I'm off to a meal so will be a bit longer with the bit truncated version ...
    "... peers into the actual workings of a quantum jump for the first time. The results
    reveal a surprising finding that contradicts Danish physicist Niels Bohr's established view
    —the jumps are neither abrupt nor as random as previously thought."
  • Had to attached the new file in a new message.
    "... peers into the actual workings of a quantum jump for the first time. The results
    reveal a surprising finding that contradicts Danish physicist Niels Bohr's established view
    —the jumps are neither abrupt nor as random as previously thought."
  • cgraceycgracey Posts: 11,536
    edited 2017-04-14 - 06:39:05
    Evanh, thanks for running all those tests. It's interesting that you are not seeing failure up until 16MB. That kind of suggests that among known max-length shift settings, there may be one to make it all the way to 16MB. Extracting 1 byte per iteration means that its entire iteration range is almost perfect at 24 bits. This probably means that among those max-length xoroshiro32+ settings I found, one of them can go all the way to 4GB when extracting the top byte of the sum (as opposed to the top 15 bits), which is the iteration range for 32 bits. It would be ideal to get one of those xoroshiro32+ settings nailed down. I had 86 candidates there. Uh, what do you say?
  • evanhevanh Posts: 7,536
    edited 2017-04-14 - 13:20:56
    No problem. My pleasure.

    I will say I'm not seeing any fixed pattern to the scores of truncations. In fact sometimes the quality of the bit sized truncation seems on par with byte sized in terms of megabytes processed. As far as I can see, this implies that repeats are not being detected by the PractRand test suit.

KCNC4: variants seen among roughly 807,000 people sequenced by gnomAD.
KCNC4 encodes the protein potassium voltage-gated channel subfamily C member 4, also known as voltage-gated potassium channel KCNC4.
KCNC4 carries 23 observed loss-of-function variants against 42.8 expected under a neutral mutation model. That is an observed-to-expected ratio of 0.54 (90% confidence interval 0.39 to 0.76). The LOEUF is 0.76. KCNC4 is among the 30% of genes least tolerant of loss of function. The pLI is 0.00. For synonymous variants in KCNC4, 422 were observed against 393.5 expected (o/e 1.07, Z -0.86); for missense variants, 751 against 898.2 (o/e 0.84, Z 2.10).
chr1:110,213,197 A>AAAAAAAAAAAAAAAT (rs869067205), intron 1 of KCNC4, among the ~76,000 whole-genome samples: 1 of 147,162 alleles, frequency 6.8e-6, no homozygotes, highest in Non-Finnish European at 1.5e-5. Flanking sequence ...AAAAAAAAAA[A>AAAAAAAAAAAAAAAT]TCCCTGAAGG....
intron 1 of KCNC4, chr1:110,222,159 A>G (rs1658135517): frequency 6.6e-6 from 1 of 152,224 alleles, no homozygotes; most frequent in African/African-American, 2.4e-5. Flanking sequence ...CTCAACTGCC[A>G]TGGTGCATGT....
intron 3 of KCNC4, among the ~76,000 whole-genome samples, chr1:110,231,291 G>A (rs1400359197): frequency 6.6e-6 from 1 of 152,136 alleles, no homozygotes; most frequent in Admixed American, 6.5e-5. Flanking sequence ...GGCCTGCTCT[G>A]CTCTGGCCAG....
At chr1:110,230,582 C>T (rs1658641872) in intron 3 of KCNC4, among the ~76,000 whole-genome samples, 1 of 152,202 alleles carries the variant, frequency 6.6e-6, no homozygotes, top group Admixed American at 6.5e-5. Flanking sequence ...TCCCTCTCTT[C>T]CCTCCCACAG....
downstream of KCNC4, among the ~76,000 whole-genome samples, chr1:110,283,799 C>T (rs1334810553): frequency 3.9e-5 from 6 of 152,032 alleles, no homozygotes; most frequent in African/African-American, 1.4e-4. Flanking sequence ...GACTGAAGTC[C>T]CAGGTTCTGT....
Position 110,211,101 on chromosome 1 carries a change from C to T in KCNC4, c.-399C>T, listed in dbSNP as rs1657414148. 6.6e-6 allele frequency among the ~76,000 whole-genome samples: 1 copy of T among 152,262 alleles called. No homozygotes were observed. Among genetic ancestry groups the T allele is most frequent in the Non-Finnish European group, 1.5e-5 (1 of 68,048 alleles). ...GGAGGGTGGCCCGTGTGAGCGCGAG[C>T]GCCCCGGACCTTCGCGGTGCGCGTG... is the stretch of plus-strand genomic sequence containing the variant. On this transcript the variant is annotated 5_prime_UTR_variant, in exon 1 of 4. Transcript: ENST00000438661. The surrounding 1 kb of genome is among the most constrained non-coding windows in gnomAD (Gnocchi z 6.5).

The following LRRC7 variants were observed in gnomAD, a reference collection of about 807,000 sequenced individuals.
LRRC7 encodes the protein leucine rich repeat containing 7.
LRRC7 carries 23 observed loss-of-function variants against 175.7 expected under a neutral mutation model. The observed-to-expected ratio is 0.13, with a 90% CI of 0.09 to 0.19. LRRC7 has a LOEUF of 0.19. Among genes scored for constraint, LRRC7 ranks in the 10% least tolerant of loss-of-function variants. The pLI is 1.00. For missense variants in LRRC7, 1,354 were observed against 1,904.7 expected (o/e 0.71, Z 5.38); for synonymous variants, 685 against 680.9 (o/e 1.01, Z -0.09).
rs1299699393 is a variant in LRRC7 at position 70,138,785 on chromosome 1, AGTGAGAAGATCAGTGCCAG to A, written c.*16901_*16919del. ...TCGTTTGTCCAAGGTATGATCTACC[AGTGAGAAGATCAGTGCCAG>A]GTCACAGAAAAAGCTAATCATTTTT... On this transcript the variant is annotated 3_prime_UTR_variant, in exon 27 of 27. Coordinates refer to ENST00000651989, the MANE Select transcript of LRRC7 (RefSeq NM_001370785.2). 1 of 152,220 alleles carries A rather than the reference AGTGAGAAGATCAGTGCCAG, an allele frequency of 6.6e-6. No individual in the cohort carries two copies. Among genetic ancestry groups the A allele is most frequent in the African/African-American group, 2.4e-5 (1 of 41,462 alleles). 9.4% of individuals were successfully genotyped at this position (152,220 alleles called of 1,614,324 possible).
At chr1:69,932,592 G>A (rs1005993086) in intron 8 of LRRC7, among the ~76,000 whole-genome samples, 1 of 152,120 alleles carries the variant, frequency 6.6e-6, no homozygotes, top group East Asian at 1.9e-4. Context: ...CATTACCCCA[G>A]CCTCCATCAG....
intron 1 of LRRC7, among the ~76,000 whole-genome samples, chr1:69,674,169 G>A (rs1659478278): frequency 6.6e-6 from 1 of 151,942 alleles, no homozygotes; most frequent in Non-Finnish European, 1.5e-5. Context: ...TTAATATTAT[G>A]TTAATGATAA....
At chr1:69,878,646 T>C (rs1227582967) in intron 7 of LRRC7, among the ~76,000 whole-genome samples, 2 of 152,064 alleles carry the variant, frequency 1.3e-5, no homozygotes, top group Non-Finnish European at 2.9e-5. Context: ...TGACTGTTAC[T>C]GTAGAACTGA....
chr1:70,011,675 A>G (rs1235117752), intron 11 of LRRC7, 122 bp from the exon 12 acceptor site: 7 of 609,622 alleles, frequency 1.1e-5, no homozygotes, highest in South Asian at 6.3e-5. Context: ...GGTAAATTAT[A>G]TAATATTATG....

I guess for everything it's statistical. It's not like the whole data stream is kept and compared over its entire length all the time.
    "... peers into the actual workings of a quantum jump for the first time. The results
    reveal a surprising finding that contradicts Danish physicist Niels Bohr's established view
    —the jumps are neither abrupt nor as random as previously thought."
  • With the shifting of the lsb truncation out of the generator function I've decided to change my labelling of the filenames. Where I used to label them as size15 and size11, it's now s16 and s12 respectively.

    I've rerun a set of each variant of each size and packaged them all together: (but had to change to 7zip to fit the whole lot within the forum's 2 MB limit. 7zip halved the archive size!)
    "... peers into the actual workings of a quantum jump for the first time. The results
    reveal a surprising finding that contradicts Danish physicist Niels Bohr's established view
    —the jumps are neither abrupt nor as random as previously thought."
  • And here's the full source used for each variant (Note the testnew variant has quite a bit of detritus commented out so look at the other two first.):
    "... peers into the actual workings of a quantum jump for the first time. The results
    reveal a surprising finding that contradicts Danish physicist Niels Bohr's established view
    —the jumps are neither abrupt nor as random as previously thought."
  • evanhevanh Posts: 7,536
    edited 2017-04-15 - 00:12:59
    cgracey wrote: »